On September 21st, Governor Tony Evers signed an executive order calling for a special session of the Wisconsin State Legislature to create a statewide referendum process as well as a constitutional amendment. This proposal is what he calls a “pathway” for residents to propose citizen ballot initiatives that could lead to the repeal of Wisconsin’s 1849 abortion law that bans nearly all abortions including cases of rape and incest. According to the governor, this move is warranted because the legislature “repeatedly rejected or altogether refused to consider policies that have broad and bipartisan public support of the people of the state.”
In a press release about the session, the governor references how throughout the year the state’s Republican majority legislature routinely opposed his measures to protect abortion rights in Wisconsin. Before the Supreme Court decision, Evers called for a special session to repeal the ban and on June 28th the governor, alongside Attorney General Josh Kaul, announced a lawsuit challenging the ban. The suit until recently has been delayed due to insistence from the state GOP that the original defendants being part of the legislature had to be replaced since they cannot enforce the law, so instead AG Kaul is now suing three district attorneys.
The proposed statewide referendum process for a citizen initiative is another avenue Evers is utilizing in order to repeal the ban. But what would this mean for Wisconsin voters? According to the National Conference of State Legislatures (NCSL) a citizen initiative is a process that enables citizens to bypass their state legislature by placing proposed statutes and, in some states, constitutional amendments on the ballot; and a popular referendum process allows voters to approve or repeal an act of the legislature.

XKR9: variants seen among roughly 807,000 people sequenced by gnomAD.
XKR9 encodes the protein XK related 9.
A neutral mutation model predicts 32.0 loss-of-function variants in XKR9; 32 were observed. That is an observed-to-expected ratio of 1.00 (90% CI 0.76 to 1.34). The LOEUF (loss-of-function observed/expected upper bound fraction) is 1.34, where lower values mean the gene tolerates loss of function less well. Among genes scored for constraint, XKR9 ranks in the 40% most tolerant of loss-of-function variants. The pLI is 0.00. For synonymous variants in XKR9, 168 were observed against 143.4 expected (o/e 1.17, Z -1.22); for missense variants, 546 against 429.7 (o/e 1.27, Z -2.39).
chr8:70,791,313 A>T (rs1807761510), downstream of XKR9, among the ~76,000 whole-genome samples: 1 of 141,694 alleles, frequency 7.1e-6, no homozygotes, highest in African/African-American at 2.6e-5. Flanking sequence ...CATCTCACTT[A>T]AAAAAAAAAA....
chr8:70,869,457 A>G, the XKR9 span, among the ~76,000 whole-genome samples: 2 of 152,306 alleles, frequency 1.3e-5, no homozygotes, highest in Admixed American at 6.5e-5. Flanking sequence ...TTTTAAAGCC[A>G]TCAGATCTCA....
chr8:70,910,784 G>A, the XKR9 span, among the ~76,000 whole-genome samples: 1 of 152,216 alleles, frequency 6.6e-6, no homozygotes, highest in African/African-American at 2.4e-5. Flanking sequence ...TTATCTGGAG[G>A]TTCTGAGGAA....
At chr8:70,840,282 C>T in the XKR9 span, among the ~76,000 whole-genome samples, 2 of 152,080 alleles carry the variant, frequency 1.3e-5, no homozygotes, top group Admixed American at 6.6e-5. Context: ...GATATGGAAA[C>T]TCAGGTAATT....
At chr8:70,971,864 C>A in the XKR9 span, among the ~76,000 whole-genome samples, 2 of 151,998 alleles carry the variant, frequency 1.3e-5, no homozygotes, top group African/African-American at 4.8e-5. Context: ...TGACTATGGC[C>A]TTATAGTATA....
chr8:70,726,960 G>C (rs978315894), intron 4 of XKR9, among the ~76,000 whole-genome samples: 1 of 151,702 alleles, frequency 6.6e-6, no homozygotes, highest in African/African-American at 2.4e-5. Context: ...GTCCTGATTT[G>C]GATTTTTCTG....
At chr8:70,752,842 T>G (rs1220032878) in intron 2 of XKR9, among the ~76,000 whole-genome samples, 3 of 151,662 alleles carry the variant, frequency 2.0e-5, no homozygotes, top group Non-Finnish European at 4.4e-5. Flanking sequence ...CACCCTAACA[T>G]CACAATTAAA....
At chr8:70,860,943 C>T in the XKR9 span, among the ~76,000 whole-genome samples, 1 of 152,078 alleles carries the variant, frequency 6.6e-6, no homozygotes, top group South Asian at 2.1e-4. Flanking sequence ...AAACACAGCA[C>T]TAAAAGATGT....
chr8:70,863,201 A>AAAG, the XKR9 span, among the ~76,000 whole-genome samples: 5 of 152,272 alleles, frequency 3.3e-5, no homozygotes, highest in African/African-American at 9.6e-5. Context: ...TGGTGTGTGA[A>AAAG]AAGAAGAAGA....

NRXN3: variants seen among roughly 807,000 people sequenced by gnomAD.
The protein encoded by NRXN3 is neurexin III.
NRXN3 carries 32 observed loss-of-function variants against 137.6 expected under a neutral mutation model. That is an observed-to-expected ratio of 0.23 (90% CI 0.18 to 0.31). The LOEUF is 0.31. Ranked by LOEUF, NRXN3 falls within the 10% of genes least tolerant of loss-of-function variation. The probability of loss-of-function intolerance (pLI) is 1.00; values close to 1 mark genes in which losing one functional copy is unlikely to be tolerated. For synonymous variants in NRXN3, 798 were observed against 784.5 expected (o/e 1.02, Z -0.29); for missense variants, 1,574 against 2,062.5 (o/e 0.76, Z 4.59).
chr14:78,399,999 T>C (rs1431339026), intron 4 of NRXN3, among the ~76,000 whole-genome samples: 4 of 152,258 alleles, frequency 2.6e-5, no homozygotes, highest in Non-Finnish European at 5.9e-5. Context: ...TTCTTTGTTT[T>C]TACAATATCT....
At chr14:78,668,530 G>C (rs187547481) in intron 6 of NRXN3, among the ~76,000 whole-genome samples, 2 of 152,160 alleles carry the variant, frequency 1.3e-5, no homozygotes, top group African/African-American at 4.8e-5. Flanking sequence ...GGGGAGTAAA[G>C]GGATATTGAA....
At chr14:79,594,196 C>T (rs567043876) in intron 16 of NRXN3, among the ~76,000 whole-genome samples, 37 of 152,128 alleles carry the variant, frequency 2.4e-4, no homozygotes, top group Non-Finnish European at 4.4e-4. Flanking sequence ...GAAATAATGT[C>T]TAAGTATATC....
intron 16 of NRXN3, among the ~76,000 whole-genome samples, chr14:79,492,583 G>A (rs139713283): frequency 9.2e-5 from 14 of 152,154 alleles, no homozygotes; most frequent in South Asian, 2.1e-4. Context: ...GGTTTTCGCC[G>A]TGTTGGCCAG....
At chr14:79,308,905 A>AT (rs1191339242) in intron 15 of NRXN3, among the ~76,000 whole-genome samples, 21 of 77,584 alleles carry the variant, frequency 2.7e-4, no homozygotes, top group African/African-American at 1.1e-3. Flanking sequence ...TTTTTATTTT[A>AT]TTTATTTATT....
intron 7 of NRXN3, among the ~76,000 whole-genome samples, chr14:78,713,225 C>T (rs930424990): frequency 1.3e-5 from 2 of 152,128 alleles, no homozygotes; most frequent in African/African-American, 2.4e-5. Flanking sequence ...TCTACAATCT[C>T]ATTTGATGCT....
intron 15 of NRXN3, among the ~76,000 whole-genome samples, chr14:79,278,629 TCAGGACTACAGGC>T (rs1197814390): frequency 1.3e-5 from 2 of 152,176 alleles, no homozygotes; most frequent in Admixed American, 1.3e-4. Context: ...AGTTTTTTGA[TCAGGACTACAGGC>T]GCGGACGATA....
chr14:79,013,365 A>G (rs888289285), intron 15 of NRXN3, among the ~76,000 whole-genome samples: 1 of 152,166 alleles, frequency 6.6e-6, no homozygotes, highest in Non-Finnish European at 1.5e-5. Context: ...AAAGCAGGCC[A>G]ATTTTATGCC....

State residents have in the past conducted ballot petition initiatives at a local level to compel a referendum vote according to the Wisconsin Legislative Reference Bureau. However, Wisconsin does not have either of these direct democracy initiatives available to its voters on a statewide level. Evers in a news conference stated: “If Republican legislators aren’t going to uphold the will of the people, then the people of the state should have the right to take a stand at the ballot box.” The Republican majority in the legislature indicated that they have no intention of engaging with the plan.
However, this proposal by the governor comes after United States Senator for Wisconsin Ron Johnson stated that he recommends changes be made to the 1849 ban and favors letting voters decide whether or not to add exemptions for rape or incest to it.
The move also comes after a recent Marquette University Law School poll that surveyed Wisconsinites across the political spectrum and found that 61 percent opposed the decision by the Supreme Court to overturn Roe v. Wade; 55 percent support abortion right candidates; 90 percent say their state should allow a woman to obtain a legal abortion in cases of rape or incest; 82 percent say states should not be able to make it illegal to travel to another state to obtain a legal abortion; and 76 percent, say states should not be able to make it illegal to order from out-of-state prescription medication that induces an abortion.
The special session will take place on Tuesday, Oct. 4th at 10 a.m. to address LRB-6542/1 and LRB-6543/1 which relates to reserving to the people the power of referendum to reject acts of the Legislature and the power of initiative to propose and approve at an election laws and constitutional amendment.